What Does a Personal Trainer Do?

What Does a Personal Trainer Do?
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You don't have to be a rich celebrity or a contest on an extreme weight-loss TV show to hire a personal trainer. Although the popular image is of muscular men and women clad in track suits barking orders at exhausted, obese clients clawing their way to weight loss on souped-up treadmills, there's more to being a trainer than applying drill sergeant techniques. A good trainer should educate and motivate. Think of a trainer as your own personalized fitness coach.

Read more: What to Expect At Your First Personal Training Session

Discuss Needs, Assess Fitness

Your personal trainer will first ask you what you want out of your training, such as weight loss, strength and flexibility, an improvement in cardiovascular health or a combination of all of these.

Your trainer will then assess your current level of fitness, taking into account any current medical conditions or constraints. Often, he will measure your body composition and check your weight, as well as giving you strength and endurance tests.

Next, your trainer will set short-term and long-term goals.
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Set Long-Term and Short-Term Goals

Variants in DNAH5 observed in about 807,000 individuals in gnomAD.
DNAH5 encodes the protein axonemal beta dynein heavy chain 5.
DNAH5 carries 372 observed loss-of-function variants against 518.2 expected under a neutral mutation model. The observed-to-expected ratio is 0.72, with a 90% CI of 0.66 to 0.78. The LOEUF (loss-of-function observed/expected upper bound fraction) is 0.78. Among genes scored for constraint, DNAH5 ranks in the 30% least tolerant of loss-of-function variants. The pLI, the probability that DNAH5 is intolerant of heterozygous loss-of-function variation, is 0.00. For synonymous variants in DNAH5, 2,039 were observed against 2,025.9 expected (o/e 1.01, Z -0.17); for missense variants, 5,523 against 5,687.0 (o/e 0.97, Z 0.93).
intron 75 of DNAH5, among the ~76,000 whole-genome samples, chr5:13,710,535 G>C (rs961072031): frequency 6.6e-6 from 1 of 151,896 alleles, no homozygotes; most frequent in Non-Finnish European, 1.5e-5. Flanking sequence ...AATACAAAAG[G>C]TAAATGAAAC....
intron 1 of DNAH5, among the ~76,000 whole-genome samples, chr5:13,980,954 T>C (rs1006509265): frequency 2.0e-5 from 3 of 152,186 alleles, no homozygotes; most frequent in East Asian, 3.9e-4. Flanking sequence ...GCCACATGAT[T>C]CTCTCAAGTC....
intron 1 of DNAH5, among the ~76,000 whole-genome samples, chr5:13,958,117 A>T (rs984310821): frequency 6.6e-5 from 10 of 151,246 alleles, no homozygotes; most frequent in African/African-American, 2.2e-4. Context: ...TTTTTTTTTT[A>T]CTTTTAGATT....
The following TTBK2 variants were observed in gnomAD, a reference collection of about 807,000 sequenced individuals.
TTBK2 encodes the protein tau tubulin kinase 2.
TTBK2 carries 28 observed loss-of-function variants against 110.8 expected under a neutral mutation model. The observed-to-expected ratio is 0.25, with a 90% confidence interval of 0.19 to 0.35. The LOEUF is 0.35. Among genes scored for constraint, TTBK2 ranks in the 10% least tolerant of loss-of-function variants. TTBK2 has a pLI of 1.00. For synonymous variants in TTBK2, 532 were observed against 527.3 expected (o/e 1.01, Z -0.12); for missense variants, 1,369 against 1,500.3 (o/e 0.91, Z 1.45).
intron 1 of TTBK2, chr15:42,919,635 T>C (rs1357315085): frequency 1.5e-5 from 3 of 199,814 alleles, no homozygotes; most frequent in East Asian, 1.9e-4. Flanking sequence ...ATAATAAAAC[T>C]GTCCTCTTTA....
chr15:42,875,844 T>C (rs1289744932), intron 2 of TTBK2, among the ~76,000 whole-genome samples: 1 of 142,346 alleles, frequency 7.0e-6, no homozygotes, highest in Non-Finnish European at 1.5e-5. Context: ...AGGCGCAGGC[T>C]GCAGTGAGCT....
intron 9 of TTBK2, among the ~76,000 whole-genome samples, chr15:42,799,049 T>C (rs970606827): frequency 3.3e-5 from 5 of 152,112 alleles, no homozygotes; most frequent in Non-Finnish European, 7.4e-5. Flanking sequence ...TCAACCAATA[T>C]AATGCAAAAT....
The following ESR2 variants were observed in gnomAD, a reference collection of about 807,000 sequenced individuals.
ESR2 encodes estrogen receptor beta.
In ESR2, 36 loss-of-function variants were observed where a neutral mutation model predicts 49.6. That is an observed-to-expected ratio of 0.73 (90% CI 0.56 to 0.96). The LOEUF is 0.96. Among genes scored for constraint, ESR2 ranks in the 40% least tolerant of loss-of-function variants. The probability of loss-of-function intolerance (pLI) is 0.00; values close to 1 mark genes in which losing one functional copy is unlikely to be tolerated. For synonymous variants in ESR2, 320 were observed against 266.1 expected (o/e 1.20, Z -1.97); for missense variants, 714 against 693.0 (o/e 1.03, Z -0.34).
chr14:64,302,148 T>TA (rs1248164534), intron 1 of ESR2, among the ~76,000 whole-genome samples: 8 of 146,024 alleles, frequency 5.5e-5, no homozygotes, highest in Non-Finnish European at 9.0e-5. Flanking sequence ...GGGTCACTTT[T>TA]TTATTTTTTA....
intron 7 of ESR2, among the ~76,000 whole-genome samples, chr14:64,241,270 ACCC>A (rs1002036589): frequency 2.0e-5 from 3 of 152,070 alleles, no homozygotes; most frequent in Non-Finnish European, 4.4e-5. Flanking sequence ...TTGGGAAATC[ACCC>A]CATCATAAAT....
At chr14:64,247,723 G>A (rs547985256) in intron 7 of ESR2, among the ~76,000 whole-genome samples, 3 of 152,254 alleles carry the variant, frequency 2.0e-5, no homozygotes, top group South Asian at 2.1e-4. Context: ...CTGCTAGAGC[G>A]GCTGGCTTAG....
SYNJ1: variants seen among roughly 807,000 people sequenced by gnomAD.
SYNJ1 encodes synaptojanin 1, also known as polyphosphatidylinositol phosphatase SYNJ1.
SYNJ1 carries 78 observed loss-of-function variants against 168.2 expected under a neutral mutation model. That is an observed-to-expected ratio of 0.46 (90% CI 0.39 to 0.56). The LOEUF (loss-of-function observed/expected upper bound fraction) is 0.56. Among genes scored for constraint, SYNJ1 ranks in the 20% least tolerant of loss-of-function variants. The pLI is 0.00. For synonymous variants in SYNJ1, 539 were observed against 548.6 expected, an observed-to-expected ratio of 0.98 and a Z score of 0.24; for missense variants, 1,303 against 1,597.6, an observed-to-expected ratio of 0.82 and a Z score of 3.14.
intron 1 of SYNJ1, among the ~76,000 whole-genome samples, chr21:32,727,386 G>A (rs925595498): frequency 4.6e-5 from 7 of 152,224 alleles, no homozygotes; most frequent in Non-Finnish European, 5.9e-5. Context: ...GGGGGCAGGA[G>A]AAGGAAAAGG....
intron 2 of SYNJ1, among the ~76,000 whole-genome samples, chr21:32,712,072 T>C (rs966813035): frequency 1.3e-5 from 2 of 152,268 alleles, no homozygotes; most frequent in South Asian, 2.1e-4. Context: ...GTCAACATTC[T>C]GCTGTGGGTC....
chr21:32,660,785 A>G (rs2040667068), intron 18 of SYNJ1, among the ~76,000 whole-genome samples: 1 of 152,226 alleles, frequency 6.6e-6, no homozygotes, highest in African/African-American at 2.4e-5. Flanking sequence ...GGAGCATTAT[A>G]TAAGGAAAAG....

Next, your trainer will set short-term and long-term goals. Short-term goals are measurable factors, such losing a certain amount of pounds, toning up specific body parts or increasing the amount of weight you can lift within a matter of weeks. Long-term goals are achieving marked weight loss, flexibility or strength, and improving your overall health in a year or more and maintaining it for a lifetime.

Make a Plan

Your personal trainer will then create a personalized plan for you to achieve your short-term and long-term fitness goals. Trainers will often mix up aerobic exercises, such as walking, running or using treadmills and elliptical machines, with strength training. Some trainers add sports to the plan, group aerobic dance or Pilates classes. A nutritional plan is often included to coincide with your fitness plan.

Show You How It’s Done

The next step after creating your personal plan is for the trainer to teach you how to do the exercises and to make sure you're doing them correctly. Body position is key with most exercises, and it's a personal trainer's job to monitor you, make sure you're doing the exercises safely and effectively and to alter the program as necessary. A trainer should also be certified in first aid and should administer help to you if you are in distress or get injured from exercising.

Motivate and Cheer

One of the most crucial roles of the personal trainer is to motivate you to succeed in your goals and to cheer you on to do your best. Exercising is supposed to be fun. An effective trainer will show you how to avoid boredom with your workout, as well as how to push yourself to succeed when you feel like giving up.

Read more: 7 Benefits of Hiring a Personal Trainer